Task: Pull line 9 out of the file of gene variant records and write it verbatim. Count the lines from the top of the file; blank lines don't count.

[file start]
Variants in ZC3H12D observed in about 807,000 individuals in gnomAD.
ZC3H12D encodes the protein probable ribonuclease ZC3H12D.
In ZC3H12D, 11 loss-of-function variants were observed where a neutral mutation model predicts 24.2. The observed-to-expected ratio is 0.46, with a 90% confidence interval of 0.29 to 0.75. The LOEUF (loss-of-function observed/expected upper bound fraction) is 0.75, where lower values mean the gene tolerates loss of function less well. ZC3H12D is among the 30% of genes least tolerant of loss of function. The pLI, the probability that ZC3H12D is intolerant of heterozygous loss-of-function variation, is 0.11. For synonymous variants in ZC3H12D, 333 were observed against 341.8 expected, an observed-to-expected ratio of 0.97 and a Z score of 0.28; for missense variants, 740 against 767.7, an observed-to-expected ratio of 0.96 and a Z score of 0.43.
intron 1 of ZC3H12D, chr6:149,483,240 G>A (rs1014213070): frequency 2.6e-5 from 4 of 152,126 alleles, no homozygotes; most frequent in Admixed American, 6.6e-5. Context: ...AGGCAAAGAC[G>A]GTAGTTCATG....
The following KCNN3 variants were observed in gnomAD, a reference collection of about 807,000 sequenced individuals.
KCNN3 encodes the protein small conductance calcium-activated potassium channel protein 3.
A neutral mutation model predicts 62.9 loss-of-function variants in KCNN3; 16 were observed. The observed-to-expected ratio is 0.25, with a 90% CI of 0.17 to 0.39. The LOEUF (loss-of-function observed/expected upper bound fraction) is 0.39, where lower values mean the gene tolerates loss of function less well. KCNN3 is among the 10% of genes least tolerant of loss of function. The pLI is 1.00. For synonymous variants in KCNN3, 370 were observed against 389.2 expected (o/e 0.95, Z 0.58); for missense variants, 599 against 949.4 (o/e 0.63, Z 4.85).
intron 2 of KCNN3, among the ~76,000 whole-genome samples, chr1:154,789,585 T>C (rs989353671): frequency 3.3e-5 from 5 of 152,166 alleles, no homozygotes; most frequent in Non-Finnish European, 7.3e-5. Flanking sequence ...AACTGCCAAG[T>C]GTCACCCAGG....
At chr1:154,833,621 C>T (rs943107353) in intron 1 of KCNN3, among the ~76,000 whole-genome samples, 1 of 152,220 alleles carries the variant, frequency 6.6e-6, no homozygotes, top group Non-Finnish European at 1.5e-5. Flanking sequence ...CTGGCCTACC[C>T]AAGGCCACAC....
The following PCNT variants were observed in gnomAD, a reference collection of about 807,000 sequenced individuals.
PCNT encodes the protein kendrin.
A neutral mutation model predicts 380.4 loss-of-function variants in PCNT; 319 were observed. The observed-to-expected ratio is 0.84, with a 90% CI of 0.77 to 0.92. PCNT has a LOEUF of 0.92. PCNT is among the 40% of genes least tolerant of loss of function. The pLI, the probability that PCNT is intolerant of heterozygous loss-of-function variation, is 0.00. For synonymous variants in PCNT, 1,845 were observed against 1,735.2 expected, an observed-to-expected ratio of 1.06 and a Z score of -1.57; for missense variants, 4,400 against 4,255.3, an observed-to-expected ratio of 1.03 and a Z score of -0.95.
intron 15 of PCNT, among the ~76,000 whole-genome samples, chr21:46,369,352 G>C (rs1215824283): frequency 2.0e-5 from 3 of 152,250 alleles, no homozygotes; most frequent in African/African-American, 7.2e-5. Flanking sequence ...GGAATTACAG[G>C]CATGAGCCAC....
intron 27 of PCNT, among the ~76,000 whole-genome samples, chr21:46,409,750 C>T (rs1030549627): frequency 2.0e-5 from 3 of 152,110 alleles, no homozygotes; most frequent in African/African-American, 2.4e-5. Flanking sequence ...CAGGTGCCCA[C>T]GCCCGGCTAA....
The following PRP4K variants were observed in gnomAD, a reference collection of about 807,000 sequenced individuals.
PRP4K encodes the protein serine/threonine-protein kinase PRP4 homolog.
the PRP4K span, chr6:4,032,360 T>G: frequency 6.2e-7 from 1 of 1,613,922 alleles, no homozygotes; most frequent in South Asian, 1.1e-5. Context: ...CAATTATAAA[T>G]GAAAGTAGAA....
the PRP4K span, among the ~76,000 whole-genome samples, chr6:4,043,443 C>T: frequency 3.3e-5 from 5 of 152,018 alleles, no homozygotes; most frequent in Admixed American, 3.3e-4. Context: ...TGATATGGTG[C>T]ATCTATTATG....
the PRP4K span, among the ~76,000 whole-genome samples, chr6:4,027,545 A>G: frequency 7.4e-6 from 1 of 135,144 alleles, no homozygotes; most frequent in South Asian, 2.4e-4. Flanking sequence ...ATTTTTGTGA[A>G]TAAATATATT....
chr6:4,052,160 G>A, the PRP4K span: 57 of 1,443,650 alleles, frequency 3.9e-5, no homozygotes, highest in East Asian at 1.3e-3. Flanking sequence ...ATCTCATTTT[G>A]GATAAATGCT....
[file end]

At chr1:154,833,621 C>T (rs943107353) in intron 1 of KCNN3, among the ~76,000 whole-genome samples, 1 of 152,220 alleles carries the variant, frequency 6.6e-6, no homozygotes, top group Non-Finnish European at 1.5e-5. Flanking sequence ...CTGGCCTACC[C>T]AAGGCCACAC....